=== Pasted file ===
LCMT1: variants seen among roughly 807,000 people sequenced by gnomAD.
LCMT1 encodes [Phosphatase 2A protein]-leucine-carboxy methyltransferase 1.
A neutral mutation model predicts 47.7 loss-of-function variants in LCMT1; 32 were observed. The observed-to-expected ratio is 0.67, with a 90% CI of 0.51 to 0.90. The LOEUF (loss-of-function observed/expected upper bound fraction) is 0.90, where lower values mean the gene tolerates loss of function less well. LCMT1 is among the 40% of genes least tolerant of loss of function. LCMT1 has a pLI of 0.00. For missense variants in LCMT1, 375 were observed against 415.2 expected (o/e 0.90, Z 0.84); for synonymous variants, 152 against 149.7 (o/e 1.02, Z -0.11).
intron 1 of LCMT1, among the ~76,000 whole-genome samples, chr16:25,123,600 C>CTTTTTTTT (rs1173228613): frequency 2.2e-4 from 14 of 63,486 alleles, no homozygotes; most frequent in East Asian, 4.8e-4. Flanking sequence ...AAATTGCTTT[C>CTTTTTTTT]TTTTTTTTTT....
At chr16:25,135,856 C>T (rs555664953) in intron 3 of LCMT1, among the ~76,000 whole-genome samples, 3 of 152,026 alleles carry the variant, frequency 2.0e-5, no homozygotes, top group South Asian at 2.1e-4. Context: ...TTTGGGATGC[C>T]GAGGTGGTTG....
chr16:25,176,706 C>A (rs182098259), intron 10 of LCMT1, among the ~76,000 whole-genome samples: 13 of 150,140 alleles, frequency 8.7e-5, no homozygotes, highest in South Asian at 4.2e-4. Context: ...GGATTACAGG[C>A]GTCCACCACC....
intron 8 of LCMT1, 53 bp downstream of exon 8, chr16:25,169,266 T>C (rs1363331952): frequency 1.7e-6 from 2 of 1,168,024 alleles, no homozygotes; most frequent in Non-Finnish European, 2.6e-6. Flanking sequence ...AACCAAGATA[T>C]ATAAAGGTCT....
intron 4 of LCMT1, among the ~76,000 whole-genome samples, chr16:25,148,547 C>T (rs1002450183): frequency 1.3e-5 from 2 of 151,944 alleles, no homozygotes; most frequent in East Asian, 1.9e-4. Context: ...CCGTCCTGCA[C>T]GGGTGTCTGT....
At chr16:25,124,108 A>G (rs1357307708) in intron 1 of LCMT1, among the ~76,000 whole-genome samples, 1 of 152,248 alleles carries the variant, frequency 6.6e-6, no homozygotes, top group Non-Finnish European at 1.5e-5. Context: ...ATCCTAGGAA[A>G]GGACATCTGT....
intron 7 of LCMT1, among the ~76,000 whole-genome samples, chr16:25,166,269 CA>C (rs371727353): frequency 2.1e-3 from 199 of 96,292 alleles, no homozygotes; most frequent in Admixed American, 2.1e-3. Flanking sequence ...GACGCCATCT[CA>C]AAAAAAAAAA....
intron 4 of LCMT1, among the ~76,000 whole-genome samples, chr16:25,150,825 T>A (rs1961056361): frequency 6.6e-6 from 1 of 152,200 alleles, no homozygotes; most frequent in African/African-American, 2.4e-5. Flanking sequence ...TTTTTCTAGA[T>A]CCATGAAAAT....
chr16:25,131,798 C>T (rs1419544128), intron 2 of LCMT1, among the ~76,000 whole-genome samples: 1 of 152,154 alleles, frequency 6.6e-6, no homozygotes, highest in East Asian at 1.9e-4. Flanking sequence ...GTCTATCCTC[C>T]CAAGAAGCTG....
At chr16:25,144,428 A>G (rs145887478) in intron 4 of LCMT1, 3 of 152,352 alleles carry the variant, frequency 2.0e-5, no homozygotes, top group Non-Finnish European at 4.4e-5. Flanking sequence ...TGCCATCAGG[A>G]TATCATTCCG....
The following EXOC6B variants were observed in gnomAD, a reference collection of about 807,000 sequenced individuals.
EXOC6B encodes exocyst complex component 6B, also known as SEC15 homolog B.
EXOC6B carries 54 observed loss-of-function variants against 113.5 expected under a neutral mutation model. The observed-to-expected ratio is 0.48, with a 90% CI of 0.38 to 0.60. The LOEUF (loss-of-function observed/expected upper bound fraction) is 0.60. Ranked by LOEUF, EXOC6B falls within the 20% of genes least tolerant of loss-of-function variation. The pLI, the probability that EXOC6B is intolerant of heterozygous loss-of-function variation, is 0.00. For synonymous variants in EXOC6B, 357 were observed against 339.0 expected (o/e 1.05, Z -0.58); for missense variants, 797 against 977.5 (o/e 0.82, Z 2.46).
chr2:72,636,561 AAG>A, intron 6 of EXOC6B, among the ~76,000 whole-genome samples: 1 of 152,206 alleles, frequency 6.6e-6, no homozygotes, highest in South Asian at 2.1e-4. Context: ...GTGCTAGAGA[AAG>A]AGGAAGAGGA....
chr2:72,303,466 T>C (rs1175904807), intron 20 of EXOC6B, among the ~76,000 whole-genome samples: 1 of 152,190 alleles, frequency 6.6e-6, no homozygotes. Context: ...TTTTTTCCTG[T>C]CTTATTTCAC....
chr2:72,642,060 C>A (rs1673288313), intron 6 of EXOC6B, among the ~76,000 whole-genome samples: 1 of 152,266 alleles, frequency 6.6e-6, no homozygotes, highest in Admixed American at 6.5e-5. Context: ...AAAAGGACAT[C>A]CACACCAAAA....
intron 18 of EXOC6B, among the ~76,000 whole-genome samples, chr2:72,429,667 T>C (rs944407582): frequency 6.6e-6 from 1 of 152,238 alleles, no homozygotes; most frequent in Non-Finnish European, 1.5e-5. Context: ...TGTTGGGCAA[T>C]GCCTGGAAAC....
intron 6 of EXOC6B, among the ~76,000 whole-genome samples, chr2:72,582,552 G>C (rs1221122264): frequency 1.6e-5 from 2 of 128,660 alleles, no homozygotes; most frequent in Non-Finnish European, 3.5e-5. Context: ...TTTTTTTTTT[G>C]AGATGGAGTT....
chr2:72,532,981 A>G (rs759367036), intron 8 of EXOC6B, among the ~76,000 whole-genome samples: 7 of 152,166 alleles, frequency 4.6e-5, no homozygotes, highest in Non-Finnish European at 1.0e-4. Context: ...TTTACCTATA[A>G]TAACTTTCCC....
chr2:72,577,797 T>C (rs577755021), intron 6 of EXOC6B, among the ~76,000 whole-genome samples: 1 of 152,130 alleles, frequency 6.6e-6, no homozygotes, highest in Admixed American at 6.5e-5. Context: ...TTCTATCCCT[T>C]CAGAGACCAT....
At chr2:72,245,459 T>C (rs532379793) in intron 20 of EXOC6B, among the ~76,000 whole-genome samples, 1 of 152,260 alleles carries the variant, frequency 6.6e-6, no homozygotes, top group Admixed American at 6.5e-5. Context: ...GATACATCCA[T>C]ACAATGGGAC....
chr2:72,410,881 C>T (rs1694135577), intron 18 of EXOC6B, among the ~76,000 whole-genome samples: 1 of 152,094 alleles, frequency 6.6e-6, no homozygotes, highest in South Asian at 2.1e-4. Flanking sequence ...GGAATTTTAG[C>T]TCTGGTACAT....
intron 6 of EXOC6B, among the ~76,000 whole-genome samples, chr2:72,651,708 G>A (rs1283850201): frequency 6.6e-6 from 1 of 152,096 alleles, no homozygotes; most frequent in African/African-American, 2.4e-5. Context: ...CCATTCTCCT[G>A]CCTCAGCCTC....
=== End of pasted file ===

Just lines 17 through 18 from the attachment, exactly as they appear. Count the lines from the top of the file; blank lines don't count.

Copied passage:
chr2:72,636,561 AAG>A, intron 6 of EXOC6B, among the ~76,000 whole-genome samples: 1 of 152,206 alleles, frequency 6.6e-6, no homozygotes, highest in South Asian at 2.1e-4. Context: ...GTGCTAGAGA[AAG>A]AGGAAGAGGA....
chr2:72,303,466 T>C (rs1175904807), intron 20 of EXOC6B, among the ~76,000 whole-genome samples: 1 of 152,190 alleles, frequency 6.6e-6, no homozygotes. Context: ...TTTTTTCCTG[T>C]CTTATTTCAC....